Biblical Counseling as Problem-Occasioned Evangelism
Church planter, don’t punt away your opportunities just because you don’t see yourself as a “counselor.”You meet Tony in a coffee shop. Your plan to start a church intrigues him. As you sit down together, you quickly assess that he is not a Christian but he is open to religious matters. You also learn that his wife moved out last week but that he wants to repair his marriage. What do you do with Tony?
One of your core-team members invites her coworker Renee to your worship service. You chat with her briefly. While not a believer, she is interested in the things of Jesus. You hear pain in her voice as she discloses her recent divorce, but her overwhelming burden right now is how to handle her rebellious fifteen-year-old daughter. What do you do with Renee?
Kenny is a college student who visited your home Bible study. While not ready to commit to Christ, his comments and questions put him into your category of a seeker. As you get to know him, he tells you that he needs to find a new apartment because of his recent fight with his two co-renters. His vocal tone in describing the incident—the third one in recent weeks—is enough to tell you that he has major anger issues. What do you do with Kenny?
Our harvest field abounds not only with lost people in general, but also lost people like Tony, Renee, and Kenny, not to mention others like Carla (with chronic anxiety), Jenny (with same-sex attraction), and Bill (with excessive drinking). These are the men and women we must win to Christ.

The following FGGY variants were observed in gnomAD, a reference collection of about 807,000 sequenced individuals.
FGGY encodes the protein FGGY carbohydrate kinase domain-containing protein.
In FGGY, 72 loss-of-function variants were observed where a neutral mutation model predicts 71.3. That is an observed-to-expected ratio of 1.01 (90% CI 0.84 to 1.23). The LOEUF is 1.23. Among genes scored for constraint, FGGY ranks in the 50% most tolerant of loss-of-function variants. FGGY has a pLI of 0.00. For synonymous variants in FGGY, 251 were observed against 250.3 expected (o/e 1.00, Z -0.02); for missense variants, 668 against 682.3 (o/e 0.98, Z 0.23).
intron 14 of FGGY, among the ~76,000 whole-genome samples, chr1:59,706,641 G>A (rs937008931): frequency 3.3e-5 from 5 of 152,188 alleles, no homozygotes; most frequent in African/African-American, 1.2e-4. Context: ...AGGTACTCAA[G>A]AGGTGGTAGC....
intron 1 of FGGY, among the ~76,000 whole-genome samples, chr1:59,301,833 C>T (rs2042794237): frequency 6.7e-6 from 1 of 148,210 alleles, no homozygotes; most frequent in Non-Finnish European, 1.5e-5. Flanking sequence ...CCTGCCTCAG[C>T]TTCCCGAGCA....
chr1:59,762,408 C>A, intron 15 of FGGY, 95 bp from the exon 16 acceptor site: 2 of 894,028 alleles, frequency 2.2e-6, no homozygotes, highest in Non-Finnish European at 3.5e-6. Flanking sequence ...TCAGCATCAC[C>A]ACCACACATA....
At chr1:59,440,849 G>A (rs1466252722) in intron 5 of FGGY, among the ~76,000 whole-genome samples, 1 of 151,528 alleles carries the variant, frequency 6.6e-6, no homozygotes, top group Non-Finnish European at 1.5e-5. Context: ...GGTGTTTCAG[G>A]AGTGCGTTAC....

How should you handle these opportunities? Let me give four lines of counsel:
1. Know beyond any doubt that what you have is what this person most desperately needs. What do these friends need? More than anything, they need Jesus, “who came from the Father, full of grace and truth” (John 1:14). They need his Word that “refreshes the soul . . . , makes wise the simple . . . , gives joy to the heart . . . , [and] gives light to the eyes” (Ps 19:7–8). They need his Spirit who can deeply transform them “with ever-increasing glory, which comes from the Lord, who is the Spirit” (2 Cor 3:18).
In other words, don’t let the presence of marriage (Tony), parenting (Renee), anger (Kenny), worry (Carla), sexual orientation (Jenny), or addiction (Bill) problems distract you from seeing their deepest need and God’s ultimate provision. To rightly view this person, we must resist the temptation to bifurcate the “spiritual” and the “psychological.” The Bible speaks to all of these above issues—powerfully, robustly, and sweetly. Only the truths of God’s gospel, not the ideas of secular psychologies, can save and satisfy them. And this is the life-changing provision and the calling with which we have been entrusted. God and his Word are more than sufficient to help Tony and everyone else (For a primer on the Bible’s power to change lives—biblical counseling—see David Powlison, Seeing With New Eyes: Counseling and the Human Condition Through the Lens of Scripture (P&R, 2003) or Powlison’s contribution to Psychology & Christianity: Five Views, 2e, edited by Eric L. Johnson (IVP, 2010)).